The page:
Once a Safari-themed casino, it has long-since been converted to the Fiesta Henderson, a Mexican party. This is perhaps the most overused theme in Vegas, even in a place like this where it's barely implemented. So don't hang out here waiting for a pinata; come by for some decent games in an unbusy casino.
Room Quality: Relatively large rooms, but certainly second class. They are not Mexican themed, really. The rooms have light-colored carpeting and woods, large beds, chairs and a table. The entire hotel is small so you're not going to get a high room and it's tough to sweet-talk them into a suite. The bathrooms are average with tub/shower combos, single sinks and standard-quality towels. Beware the bogus, yet mandatory "hotel amenity" tacked onto your room rate.
Service Quality: Good. Everyone out here is pretty nice to you. Heck, they're even nice to us. Not nicer than our grandmother, but they don't have to be because we don't know where they live. Check-in and check-out is easy, provided you can find the front desk in the wacky casino.
What You Get Bottles of in the Bathroom: Shampoo, conditioner. One for cleaning, one for glossifying.
Clientele: Locals in the prime retirement years of their lives. Henderson is a mecca for older folks, and they love the cheap buffet here.
How's the Pool? Considering all the space they had to build a fantastic pool, the small hole in the ground is a disappointment. Sure you can swim in it, but you would think they would have gone a little more all-out just because they could. Its biggest selling points are the palm trees around it.
Resort Fee: (What is this?)
$9.99 per night. You get wired and wireless internet, local and domestic long distance, daily paper, copy and fax services.
Table Games: The usual suspects are in their small pit. Blackjack, craps, roulette, Let it Ride, Pai Gow and occasionally an oddball game. But mostly, this casino is here to serve the locals slot crowd.
Bet Minimums: They have $3 blackjack most of the time, which is three times our limit. They also have $3 craps with our favorite, 10x odds. Roulette has 50-cent chips and $2 min. The limits may go up on weekends, holidays and weeknights, or at their whim.
Machines: The video poker is all right, but you'll find better downtown or a few other Off-Strip joints. Still, it's decent because there are some full-pay VP machines. Slots are pretty standard.
Cocktails? Very good, as long as you're tipping. We had a waitress who came by three times in about 40 minutes.
Who Gets Comps? Join the mediocre Amigo Club to get your slot points. It pays about the same as the other tight Station properties. Expect $10-$20 play at the tables to be the buffet level.
Amigos Mexican Cantina: The name should give you plenty of clue of how bland this Mexican restaurant is. It's not worth going out of your way for, especially if you like fresh or spicy. Prices are fair with most dishes under $15. Open for dinners only.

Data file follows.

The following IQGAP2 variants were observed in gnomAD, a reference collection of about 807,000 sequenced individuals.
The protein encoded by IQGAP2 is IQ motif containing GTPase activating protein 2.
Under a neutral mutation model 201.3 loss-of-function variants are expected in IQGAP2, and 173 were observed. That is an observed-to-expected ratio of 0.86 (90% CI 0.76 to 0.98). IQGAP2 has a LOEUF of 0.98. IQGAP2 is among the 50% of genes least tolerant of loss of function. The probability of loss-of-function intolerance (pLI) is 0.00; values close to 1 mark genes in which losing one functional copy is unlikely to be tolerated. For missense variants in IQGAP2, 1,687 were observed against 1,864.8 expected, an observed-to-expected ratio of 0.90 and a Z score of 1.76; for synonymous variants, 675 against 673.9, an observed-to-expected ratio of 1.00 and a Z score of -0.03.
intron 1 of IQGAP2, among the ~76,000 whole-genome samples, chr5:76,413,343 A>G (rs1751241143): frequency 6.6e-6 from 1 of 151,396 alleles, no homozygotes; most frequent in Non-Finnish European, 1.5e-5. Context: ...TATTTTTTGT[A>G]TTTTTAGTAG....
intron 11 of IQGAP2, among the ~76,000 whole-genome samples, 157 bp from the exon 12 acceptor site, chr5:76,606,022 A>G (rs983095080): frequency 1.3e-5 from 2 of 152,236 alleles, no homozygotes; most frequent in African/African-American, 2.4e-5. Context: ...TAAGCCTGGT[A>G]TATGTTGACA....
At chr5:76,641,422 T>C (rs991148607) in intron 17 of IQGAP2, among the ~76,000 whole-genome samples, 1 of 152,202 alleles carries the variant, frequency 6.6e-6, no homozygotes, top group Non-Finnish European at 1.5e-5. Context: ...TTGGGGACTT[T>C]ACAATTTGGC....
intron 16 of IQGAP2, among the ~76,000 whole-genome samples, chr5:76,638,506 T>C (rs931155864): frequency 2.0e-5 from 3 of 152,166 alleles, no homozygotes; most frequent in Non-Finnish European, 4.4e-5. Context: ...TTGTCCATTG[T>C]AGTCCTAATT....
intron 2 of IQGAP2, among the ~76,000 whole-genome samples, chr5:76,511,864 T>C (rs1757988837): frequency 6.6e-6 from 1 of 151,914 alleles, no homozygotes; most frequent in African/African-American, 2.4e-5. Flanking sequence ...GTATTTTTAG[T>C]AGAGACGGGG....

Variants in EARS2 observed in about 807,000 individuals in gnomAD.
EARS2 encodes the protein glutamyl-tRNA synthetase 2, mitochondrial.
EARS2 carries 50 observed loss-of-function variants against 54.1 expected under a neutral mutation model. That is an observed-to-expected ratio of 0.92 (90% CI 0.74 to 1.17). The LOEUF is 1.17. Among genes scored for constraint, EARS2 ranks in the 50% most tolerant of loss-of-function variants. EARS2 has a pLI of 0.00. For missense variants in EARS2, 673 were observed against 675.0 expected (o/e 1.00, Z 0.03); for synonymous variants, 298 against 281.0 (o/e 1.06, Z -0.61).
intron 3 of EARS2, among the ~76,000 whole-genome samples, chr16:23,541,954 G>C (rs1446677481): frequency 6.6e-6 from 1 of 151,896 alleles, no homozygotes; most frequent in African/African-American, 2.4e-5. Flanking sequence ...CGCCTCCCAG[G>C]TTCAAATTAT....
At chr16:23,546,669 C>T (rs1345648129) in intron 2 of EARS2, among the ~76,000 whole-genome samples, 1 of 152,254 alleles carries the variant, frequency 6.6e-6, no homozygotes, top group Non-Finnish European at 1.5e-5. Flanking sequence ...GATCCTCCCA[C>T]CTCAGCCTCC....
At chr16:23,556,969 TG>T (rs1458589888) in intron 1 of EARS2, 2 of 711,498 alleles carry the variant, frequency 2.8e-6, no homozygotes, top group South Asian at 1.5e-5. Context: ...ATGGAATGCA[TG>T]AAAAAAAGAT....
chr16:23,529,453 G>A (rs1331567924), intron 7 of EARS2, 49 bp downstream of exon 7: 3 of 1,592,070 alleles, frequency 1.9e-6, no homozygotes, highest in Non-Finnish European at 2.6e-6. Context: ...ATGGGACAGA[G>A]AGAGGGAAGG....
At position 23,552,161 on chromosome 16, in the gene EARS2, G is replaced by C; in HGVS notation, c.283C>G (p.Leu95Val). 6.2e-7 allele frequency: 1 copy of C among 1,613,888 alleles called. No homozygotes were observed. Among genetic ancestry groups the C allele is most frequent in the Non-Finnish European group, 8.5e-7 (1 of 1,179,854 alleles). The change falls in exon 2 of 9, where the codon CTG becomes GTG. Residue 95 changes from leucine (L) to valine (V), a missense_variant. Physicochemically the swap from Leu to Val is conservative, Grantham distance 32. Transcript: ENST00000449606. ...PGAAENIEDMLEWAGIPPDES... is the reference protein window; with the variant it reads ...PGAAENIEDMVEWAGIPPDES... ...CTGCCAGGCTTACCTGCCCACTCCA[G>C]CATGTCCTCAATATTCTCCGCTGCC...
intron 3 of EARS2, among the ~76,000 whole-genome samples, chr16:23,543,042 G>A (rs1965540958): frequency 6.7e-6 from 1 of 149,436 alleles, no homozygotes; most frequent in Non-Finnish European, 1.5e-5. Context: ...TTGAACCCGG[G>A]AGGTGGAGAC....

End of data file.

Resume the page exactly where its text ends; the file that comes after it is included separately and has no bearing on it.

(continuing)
Denny's: A delightful little coffee shop full of local charm and a menu full of culinary surprises and delights. Ha! Gotcha. It's a Denny's, same as every other one out there. Grand Slam breakfasts, bad coffee and truly mediocre top to bottom. At least it's overly familiar.
Festival Buffet: A mediocre buffet at reasonable prices. Unlike most buffets, they cook a lot of the food right before your eyes. They do not serve breakfast, so don't show up hungry until at least 11 a.m., unless it's a weekend. Because then the brunch starts at nine.
Fuego Steakhouse: This is the fancy dinner restaurant and even it is dressed down. Prices for entrees are mostly reasonable. Check to see if they have a three-course-meal special. The place serves good steak, but not exceptional.
The Fiesta offers a smattering of artery-busting fast food: Fatburger, Subway, Starbucks, and Villa Pizza. Just like almost every other place.
Cantina Cerveza: Cerveza is Spanish for beer, which you'll find yourself crying into as free acts fill the cantina on weekend evenings with the sad sounds of once-hopeful musicians who have sunk to the level of Off-strip cover band.
Regal Cinemas: They have twelve screens here, which means in the summer they might actually show four different movies. Comfy stadium seating and expensive snacks.
Number of TVs: About 34, with about four biggies in there.
Number of Seats: About 120 including the nearby sportsbar. Ninety-one of the seats in the book proper have their own TVs which comes in really handy if you're like us and get most of your inspirations for horse picks from infomercials. There is some bar-type seating at round tables, too.
How Many Betting Windows? About eleven with nice, shiny electronic boards behind them.
Free Drinks? Well, not really since the sports bar is adjacent and you're supposed to go there when your buds get parched.
Snack Bar? Nope, but there is plenty of fast food nearby. Because, you know, nothing like a big, greasy unhealthy meal after sitting in a sports book all day.
Minimum Wager: $5 sports, $2 for racing.
Other Notes: It is nice to see some investment in this place, and man did it need a better sports book. The old one sucked. This one is better than average.